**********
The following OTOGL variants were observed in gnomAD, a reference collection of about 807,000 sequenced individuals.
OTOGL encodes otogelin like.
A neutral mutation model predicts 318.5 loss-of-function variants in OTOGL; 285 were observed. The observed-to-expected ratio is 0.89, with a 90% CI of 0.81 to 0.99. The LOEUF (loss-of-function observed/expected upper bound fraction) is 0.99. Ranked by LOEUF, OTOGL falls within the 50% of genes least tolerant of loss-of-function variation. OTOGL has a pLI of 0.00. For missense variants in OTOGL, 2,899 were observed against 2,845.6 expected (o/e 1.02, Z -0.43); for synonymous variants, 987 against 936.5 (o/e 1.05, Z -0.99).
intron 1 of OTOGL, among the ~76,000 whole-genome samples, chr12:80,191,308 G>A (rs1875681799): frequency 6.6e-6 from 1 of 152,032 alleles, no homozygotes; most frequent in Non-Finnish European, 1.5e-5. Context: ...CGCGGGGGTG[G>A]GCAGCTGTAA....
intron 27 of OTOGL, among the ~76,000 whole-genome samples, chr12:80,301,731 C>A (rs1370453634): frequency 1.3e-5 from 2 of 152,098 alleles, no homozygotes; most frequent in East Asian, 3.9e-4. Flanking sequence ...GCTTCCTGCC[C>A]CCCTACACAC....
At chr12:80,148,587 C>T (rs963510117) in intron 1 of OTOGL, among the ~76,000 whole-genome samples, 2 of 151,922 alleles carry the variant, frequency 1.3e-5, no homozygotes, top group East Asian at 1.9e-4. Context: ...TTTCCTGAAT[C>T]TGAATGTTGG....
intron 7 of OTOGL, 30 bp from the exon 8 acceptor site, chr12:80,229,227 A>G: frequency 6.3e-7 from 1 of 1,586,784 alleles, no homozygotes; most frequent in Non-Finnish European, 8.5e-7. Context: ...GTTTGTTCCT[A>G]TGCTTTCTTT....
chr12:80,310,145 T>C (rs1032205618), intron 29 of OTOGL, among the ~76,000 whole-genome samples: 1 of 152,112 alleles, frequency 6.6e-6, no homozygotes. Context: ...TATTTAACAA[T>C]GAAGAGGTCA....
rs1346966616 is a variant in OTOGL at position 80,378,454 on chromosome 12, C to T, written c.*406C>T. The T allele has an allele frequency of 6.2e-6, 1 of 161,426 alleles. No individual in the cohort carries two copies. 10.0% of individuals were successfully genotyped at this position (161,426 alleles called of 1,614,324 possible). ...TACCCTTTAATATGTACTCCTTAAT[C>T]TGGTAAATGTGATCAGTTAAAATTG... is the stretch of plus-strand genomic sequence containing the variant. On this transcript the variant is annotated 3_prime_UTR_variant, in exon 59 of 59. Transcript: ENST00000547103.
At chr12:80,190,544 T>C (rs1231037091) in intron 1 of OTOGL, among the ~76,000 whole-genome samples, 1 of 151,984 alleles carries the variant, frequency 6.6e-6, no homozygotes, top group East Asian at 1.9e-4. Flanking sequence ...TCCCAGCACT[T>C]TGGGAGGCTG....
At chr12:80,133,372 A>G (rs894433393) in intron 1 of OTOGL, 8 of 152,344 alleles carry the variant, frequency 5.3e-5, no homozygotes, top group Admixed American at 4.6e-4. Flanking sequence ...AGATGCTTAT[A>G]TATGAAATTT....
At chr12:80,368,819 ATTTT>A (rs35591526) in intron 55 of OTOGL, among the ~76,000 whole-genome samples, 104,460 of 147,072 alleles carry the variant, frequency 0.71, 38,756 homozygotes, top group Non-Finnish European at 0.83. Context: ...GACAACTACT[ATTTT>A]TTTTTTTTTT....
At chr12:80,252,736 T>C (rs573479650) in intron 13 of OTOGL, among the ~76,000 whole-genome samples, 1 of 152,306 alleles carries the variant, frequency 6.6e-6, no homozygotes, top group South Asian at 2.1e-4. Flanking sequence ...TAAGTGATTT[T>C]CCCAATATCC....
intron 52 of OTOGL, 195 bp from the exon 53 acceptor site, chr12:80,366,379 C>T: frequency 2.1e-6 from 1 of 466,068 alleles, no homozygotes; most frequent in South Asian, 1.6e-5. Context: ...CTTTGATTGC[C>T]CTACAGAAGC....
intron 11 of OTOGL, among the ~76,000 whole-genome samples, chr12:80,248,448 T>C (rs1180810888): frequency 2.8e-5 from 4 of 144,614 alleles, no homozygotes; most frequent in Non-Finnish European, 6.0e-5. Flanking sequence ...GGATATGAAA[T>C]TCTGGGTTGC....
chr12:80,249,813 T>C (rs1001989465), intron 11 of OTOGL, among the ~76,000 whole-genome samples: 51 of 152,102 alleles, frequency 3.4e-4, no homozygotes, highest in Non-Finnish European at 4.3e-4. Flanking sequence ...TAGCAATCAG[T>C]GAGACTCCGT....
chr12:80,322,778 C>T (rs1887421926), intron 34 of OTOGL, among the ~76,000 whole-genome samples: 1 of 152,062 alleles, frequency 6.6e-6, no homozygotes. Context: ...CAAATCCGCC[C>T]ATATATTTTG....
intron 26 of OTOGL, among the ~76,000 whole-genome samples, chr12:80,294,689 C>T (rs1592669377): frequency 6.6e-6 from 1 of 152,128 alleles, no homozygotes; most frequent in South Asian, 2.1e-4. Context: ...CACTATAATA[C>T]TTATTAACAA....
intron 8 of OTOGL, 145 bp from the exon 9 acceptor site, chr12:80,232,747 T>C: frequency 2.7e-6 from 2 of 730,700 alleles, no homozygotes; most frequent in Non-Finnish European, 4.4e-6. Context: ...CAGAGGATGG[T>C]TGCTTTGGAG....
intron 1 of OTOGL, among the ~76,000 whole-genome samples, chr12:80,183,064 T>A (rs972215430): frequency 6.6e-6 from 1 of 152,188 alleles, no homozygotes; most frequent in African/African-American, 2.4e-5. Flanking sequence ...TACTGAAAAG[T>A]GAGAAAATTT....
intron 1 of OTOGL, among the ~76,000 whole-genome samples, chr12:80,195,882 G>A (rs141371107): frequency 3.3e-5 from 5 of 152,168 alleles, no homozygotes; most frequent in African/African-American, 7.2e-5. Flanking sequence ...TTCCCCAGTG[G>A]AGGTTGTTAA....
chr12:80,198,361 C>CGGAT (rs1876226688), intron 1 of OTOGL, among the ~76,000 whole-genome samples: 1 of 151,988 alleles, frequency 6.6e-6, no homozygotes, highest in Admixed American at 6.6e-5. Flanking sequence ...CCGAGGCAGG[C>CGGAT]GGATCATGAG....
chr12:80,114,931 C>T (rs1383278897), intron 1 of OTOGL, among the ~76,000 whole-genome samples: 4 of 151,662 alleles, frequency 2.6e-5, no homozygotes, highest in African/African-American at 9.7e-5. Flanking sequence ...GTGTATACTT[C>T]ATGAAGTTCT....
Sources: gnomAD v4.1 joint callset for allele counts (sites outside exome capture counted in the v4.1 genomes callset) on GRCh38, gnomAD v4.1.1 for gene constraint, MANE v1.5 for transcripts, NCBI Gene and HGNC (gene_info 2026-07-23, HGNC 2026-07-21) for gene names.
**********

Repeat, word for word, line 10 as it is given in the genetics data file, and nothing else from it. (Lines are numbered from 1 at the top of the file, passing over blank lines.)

At chr12:80,190,544 T>C (rs1231037091) in intron 1 of OTOGL, among the ~76,000 whole-genome samples, 1 of 151,984 alleles carries the variant, frequency 6.6e-6, no homozygotes, top group East Asian at 1.9e-4. Flanking sequence ...TCCCAGCACT[T>C]TGGGAGGCTG....